New Mexico needed help administering vaccines, and members of a book club volunteered for the mission
The vaccination campaign has accelerated since Biden’s rise to power, which has centralized the government response
When Gillian Baudo founded a small book club in the village of New Mexico where she lives, she only wanted to make friends with interests similar to her own to get rid of the loneliness she felt at the time. He named him the Fabulous Ladies Reading Club back in 2013 and they premiered with The Bean Trees, Barbara Kingsolver’s novel that addresses the dilemmas of motherhood and the elusive sense of belonging. For years, the club’s dozen or so readers, all professionals and in their forties, met once a month at a local restaurant to discuss literature and life. Until the pandemic and a phone call that would alter their anonymous lives to place them at the center of the national conversation about coronavirus vaccination.
The call came from the New Mexico Department of Health in the middle of Christmas last year. The state had vaccines against Covid-19, but did not have enough hands to administer them in Ruidoso, the small tourist town of 8,000 inhabitants where Baudo lives. Precisely, the same problem that marked the first bars of the vaccination campaign in the United States, weighed down by the lack of planning Trump administration and the absence of a national plan to face the Herculean challenge. “Everything happened very fast. They asked us for help on December 28 and on January 3 we were already administering the first vaccines, ”Baudo says on the other end of the phone. About 300 the first day.
The Fabulous Ladies transformed the medical spa of Dr. Stephen Rath, the husband of one of the club members and the person who received the call from the Department of Health, in a vaccination clinic. To administer the injections, they recruited the club’s nurses, pharmacist and doctor, while the rest of the members did administrative tasks, registered patients, launched awareness campaigns on Facebook or he combed the town schools to encourage teachers to get vaccinated. Up to 50 hours of volunteer work a week, which served to vaccinate 2,400 people before the end of the month, a third of the population of Ruidoso.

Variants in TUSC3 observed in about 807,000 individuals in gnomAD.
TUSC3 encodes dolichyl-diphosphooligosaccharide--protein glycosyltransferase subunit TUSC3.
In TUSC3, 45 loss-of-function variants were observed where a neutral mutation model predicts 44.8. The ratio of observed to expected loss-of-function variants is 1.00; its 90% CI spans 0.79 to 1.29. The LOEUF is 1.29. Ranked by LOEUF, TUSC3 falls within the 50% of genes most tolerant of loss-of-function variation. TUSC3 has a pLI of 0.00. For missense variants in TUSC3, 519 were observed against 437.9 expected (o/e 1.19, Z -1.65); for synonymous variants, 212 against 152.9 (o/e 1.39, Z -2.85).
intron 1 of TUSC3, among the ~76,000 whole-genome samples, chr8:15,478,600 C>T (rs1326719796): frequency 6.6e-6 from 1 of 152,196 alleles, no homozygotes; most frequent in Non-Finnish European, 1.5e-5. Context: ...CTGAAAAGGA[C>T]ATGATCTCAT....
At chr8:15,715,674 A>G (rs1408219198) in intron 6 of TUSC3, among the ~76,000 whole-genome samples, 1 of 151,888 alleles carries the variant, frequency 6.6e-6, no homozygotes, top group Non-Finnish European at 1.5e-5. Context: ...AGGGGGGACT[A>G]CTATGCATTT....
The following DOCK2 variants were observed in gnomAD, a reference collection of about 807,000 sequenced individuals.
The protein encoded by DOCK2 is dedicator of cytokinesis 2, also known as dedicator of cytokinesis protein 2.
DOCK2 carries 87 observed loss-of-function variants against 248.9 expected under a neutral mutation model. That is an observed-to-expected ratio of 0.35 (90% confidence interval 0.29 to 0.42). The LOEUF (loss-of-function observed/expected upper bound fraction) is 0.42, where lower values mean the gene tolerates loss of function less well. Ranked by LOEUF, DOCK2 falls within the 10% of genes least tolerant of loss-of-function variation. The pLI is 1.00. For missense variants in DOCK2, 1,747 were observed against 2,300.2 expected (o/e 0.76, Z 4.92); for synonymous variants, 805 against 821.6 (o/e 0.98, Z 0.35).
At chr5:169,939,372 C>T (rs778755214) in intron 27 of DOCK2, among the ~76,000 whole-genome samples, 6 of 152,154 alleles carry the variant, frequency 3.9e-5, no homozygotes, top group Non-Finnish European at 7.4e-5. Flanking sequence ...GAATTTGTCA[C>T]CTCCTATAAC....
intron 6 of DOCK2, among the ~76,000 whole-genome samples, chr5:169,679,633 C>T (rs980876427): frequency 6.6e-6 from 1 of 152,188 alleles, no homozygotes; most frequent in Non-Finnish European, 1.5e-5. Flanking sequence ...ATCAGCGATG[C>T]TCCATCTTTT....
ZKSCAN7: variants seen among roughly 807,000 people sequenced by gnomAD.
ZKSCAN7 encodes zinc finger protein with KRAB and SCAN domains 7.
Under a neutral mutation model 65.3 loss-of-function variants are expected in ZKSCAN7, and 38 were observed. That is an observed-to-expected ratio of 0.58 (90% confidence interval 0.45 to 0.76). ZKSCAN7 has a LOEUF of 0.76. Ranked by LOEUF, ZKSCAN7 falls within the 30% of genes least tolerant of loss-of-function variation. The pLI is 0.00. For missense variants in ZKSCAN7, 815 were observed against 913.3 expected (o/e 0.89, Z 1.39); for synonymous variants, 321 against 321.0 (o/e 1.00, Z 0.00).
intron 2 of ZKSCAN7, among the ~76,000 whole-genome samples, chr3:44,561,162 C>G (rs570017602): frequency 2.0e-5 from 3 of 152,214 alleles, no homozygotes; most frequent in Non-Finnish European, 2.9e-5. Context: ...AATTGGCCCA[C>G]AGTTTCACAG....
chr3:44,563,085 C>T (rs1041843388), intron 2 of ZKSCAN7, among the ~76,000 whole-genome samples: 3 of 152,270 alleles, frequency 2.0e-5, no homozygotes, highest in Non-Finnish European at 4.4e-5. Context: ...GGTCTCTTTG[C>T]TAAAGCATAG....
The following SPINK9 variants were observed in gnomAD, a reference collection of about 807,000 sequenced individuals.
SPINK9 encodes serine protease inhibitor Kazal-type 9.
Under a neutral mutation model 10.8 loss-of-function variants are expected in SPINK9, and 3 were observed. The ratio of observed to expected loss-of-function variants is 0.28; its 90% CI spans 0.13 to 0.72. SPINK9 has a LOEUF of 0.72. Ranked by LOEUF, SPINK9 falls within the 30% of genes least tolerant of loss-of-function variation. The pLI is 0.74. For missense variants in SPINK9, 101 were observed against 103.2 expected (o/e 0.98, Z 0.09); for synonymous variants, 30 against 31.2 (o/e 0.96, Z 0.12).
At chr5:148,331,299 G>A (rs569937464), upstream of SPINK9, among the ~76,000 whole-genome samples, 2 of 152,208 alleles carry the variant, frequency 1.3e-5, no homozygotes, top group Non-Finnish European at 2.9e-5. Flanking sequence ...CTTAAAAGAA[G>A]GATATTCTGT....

High incidence of the virus
“This town has had some very high contagion rates from the beginning, in part, because we get a lot of tourism from Texas and visitors rarely wear a mask or they maintain social distance, ”says this 46-year-old yoga teacher, a mother of two. “So when we were given the opportunity to get vaccinated, almost the entire town supported the project. The people are very grateful and relieved for having been able to regain some normality. Some they danced or cried after receiving the vaccine ”, adds Baudo.
Ruidoso may feel lucky because he has managed to vaccinate a percentage much higher than the country’s average, where only one 13% of the population have received the first dose and 6% both, according to Bloomberg data. But the frustration of the first month begins to give way to optimism as Biden centralizes campaign management and the initial objectives of his Administration are exceeded, which proposed to administer one million daily vaccines. Last week they were around 1.7 million daily doses. Among other things, because the supply has started to reach pharmacies and large vaccination centers have been set up in stadiums and mobile clinics.
140 million doses in five weeks
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So much Pfizer What Modern They seem to have also overcome the initial manufacturing problems and this Tuesday they affirmed in Congress that in the next five weeks they will distribute 140 million doses additional. “Both the US and other countries need more vaccines quickly,” said Pfizer’s chief operating officer, John Young, during the hearing in the Capitol. Las Señoras Fabulosas, meanwhile, have managed to put Ruidoso on the map and set themselves up as a role model for other communities in the country, where thousands of anonymous people, from parish priests to neighborhood activists, have assumed the mission of raising awareness among their neighbors about the importance of getting vaccinated.
Newspapers like the ‘Washington Post’ or televisions like ‘BBC’ have covered his story, publicized by personalities such as Michelle Obama. The autobiography of the former first lady was the last book they discussed before the pandemic forced them to hold their monthly meetings virtually. “It’s amazing to think that Michelle knows we exist. If we have been able to help, anyone can. This is a collective effort”Says Baudo, the founder of the reading club.